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Article: Paul Chambers: Musical Career, Achievements and Personal Struggles

Paul Chambers: Musical Career, Achievements and Personal Struggles - MGLeatherWork

Paul Chambers: Musical Career, Achievements and Personal Struggles

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Paul Chambers was one of the most notable bassists during 1955-1965, as he was the first who performed creative solos with the bow. His skills on the double bass didn’t go unnoticed among his peers. He was also famous for being a part of Miles Davis' first great quintet. In this article, we will briefly explore the key aspects of Paul Chambers’ creative and personal journeys.

Paul Chambers performing with a double bass during his time with Miles Davis' quintet.

Paul Chambers’ Start of Musical Career and Influences

Paul Chambers was born in Pittsburgh, Pennsylvania, but brought up in Detroit, Michigan. He started his musical career as a baritone horn player during his school years, performing with his mates. Later he began to play the tuba. In 1949, fourteen years old Paul switched to the double bass. Paul played some classic music with the Detroit String Band. Also, he combined his study at Cass Technical High School with performances with student groups, where apart from bass he also played a baritone saxophone.

His serious work on refining skills on the bass began with private lessons with Gaston Brohan, the first double bassist from Detroit Symphony Orchestra in 1952. It took only five years and Paul already performed with Bennie Green and J.J Johnson.  

Paul Chambers performing with Bennie Green and J.J. Johnson after only five years of private lessons.

Paul was inspired with the music of Charlie Parker and Bud Powell. These musicians did a great job in shaping Chambers into who he would become later. Regarding bassists, he admired Oscar Pettiford, Ray Brown, Percy Heath, Milt Hinton and Wendell Marshall. While he liked those musicians for their rhythm section, he also admired technical prowess of Charles Mingus and George Duvivier as they really pushed the double bass’ potential in jazz forward.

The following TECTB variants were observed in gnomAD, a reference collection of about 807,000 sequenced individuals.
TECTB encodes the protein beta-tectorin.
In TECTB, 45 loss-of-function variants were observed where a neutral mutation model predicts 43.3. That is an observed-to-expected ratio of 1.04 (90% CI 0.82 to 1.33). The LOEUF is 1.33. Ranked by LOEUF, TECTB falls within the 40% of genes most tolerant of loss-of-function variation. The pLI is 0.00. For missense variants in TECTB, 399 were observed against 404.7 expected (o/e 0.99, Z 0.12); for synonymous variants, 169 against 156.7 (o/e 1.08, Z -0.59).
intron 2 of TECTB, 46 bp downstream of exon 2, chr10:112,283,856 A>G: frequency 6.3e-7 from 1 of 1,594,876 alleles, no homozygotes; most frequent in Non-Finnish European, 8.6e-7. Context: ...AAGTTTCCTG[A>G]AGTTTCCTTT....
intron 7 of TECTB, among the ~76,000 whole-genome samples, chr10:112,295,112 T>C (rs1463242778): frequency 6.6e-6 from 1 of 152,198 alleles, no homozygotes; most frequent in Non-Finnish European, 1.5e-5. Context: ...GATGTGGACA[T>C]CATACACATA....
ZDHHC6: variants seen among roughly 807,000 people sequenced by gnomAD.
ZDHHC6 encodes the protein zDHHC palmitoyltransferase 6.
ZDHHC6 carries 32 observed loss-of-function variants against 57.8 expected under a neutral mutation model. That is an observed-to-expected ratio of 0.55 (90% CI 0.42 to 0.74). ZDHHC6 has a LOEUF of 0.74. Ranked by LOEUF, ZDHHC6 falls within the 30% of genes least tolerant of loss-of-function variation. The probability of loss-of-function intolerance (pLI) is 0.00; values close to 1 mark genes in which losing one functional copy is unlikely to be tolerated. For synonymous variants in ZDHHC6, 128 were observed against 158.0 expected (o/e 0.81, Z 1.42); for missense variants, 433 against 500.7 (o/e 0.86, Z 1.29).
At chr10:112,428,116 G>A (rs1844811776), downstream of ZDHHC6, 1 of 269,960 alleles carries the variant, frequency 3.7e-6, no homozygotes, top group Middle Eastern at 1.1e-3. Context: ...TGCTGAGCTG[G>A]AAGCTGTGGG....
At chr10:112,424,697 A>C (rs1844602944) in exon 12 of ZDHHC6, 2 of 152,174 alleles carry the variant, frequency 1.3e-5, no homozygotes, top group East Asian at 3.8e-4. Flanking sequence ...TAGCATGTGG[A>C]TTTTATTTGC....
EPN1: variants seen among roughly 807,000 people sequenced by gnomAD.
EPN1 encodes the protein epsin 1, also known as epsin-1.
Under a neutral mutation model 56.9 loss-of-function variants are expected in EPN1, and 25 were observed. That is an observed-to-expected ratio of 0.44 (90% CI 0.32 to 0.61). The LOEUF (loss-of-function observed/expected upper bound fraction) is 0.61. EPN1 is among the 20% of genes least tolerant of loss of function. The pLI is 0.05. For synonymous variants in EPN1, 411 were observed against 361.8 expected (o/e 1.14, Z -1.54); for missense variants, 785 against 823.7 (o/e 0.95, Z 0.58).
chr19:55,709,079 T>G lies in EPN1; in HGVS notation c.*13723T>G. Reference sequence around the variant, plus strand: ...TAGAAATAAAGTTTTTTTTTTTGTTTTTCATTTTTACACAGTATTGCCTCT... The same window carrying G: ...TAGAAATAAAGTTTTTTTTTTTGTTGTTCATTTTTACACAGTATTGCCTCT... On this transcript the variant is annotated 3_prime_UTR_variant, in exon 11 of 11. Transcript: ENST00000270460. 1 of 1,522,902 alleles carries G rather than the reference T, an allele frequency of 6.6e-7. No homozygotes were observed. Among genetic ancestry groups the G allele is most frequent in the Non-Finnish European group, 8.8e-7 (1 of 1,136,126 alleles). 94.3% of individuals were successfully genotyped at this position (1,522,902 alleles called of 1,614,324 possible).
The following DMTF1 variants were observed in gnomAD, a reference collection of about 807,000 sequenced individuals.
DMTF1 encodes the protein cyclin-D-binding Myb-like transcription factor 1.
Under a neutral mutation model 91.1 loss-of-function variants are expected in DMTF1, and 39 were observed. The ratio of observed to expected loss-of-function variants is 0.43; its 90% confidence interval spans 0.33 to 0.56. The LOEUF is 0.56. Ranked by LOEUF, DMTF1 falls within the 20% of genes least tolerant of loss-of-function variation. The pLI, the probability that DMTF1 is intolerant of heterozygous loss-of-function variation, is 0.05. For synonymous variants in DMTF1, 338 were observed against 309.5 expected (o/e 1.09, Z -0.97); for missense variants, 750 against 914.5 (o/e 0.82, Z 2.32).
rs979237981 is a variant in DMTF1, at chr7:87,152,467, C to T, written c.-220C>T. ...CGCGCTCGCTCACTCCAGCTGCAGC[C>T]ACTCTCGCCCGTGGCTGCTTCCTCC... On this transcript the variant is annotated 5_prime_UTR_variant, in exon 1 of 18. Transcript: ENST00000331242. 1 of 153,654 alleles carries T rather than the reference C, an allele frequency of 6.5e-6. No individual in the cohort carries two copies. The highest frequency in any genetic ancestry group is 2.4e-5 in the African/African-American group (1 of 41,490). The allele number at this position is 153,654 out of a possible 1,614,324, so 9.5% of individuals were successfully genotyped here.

Paul Chambers admired Charles Mingus and George Duvivier for their technical prowess on the double bass.

However, his ever-lasting inspiration was Duke Ellington’s bassist Jimmy Blanton. During his career, Paul Chambers carried forward the traditions of Blanton’s playing style, making it more melodic and creative in terms of harmonic and bowed techniques.

Paul Chambers inspired by Duke Ellington’s bassist Jimmy Blanton, carrying forward his playing style.

Paul Chambers: First Achievements

During 1954-1955, Paul Chambers spent his time on tours with Bennie Green, Paul Quinichette, George Wallington, J. J. Johnson and Kai Winding. In 1955, he became a member of the Miles Davis Quintet, with which he played until 1963.

Paul Chambers on tour with Bennie Green and later as a member of the Miles Davis Quintet.

During his collaboration with Miles Davis’ band he not only received the award "New Star Award" in DownBeat jazz critics poll, but also contributed to many albums that became classic, one notable among them is “Kind of Blue”. Chambers’ role on this album is considered on the same level as Davis’s. It was one of the most impactful albums within jazz genre and outside it. It also took a place in the list of the Rolling Stone’s best albums of all time. Obviously, this album contributed to the overall success of Paul, and compared to his other achievements it looks like a real triumph.